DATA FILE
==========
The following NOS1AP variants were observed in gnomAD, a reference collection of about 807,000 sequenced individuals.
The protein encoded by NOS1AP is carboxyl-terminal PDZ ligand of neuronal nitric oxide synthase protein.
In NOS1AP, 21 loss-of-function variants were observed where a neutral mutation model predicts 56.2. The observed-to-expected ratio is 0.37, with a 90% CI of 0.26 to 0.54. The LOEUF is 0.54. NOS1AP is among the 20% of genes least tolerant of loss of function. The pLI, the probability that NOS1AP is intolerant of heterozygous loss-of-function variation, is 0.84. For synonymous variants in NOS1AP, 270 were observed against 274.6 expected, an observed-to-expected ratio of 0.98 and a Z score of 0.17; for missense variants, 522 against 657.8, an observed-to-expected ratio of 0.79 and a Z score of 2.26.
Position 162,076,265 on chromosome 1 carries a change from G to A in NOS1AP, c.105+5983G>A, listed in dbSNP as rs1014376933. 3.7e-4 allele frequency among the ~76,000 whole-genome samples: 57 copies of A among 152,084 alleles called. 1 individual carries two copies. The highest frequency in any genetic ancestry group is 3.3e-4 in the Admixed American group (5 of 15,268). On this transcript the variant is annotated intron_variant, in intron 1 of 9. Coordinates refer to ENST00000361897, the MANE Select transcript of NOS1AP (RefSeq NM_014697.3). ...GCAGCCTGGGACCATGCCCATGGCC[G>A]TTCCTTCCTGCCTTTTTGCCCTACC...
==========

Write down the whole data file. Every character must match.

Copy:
The following NOS1AP variants were observed in gnomAD, a reference collection of about 807,000 sequenced individuals.
The protein encoded by NOS1AP is carboxyl-terminal PDZ ligand of neuronal nitric oxide synthase protein.
In NOS1AP, 21 loss-of-function variants were observed where a neutral mutation model predicts 56.2. The observed-to-expected ratio is 0.37, with a 90% CI of 0.26 to 0.54. The LOEUF is 0.54. NOS1AP is among the 20% of genes least tolerant of loss of function. The pLI, the probability that NOS1AP is intolerant of heterozygous loss-of-function variation, is 0.84. For synonymous variants in NOS1AP, 270 were observed against 274.6 expected, an observed-to-expected ratio of 0.98 and a Z score of 0.17; for missense variants, 522 against 657.8, an observed-to-expected ratio of 0.79 and a Z score of 2.26.
Position 162,076,265 on chromosome 1 carries a change from G to A in NOS1AP, c.105+5983G>A, listed in dbSNP as rs1014376933. 3.7e-4 allele frequency among the ~76,000 whole-genome samples: 57 copies of A among 152,084 alleles called. 1 individual carries two copies. The highest frequency in any genetic ancestry group is 3.3e-4 in the Admixed American group (5 of 15,268). On this transcript the variant is annotated intron_variant, in intron 1 of 9. Coordinates refer to ENST00000361897, the MANE Select transcript of NOS1AP (RefSeq NM_014697.3). ...GCAGCCTGGGACCATGCCCATGGCC[G>A]TTCCTTCCTGCCTTTTTGCCCTACC...